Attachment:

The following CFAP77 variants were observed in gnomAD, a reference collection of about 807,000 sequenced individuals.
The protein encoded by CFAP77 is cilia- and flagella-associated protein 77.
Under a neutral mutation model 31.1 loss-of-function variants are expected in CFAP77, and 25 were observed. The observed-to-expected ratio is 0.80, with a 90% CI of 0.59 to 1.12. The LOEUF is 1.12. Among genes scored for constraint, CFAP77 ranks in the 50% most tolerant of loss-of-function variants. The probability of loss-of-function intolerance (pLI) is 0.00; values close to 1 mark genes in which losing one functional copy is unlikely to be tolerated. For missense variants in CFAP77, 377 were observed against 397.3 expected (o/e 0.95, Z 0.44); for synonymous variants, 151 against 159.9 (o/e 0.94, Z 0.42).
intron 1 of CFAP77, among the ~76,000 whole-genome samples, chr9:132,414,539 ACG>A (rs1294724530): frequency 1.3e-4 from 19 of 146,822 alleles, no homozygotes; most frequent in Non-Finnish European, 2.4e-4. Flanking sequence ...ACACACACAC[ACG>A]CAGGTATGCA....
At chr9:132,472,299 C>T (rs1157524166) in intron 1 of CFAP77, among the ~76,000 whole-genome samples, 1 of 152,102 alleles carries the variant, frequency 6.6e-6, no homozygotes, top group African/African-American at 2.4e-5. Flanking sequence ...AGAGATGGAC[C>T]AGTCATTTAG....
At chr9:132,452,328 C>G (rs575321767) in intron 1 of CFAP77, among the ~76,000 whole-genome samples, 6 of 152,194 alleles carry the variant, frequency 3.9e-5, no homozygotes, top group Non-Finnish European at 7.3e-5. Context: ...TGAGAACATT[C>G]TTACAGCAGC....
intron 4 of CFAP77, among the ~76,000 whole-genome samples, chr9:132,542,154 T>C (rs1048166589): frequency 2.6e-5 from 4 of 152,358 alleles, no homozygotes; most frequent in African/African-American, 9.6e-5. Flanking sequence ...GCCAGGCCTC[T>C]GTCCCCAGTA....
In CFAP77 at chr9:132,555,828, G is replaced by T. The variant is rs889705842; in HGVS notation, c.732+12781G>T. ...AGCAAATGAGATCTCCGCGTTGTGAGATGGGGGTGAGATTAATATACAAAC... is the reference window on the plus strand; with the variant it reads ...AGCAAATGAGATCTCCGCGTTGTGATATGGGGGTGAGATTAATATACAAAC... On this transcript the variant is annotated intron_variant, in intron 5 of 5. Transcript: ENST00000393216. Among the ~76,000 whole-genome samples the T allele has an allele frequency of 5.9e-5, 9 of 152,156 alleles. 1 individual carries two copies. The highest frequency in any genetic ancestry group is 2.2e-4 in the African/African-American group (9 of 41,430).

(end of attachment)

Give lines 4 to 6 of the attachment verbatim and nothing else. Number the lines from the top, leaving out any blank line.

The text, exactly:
intron 1 of CFAP77, among the ~76,000 whole-genome samples, chr9:132,414,539 ACG>A (rs1294724530): frequency 1.3e-4 from 19 of 146,822 alleles, no homozygotes; most frequent in Non-Finnish European, 2.4e-4. Flanking sequence ...ACACACACAC[ACG>A]CAGGTATGCA....
At chr9:132,472,299 C>T (rs1157524166) in intron 1 of CFAP77, among the ~76,000 whole-genome samples, 1 of 152,102 alleles carries the variant, frequency 6.6e-6, no homozygotes, top group African/African-American at 2.4e-5. Flanking sequence ...AGAGATGGAC[C>T]AGTCATTTAG....
At chr9:132,452,328 C>G (rs575321767) in intron 1 of CFAP77, among the ~76,000 whole-genome samples, 6 of 152,194 alleles carry the variant, frequency 3.9e-5, no homozygotes, top group Non-Finnish European at 7.3e-5. Context: ...TGAGAACATT[C>G]TTACAGCAGC....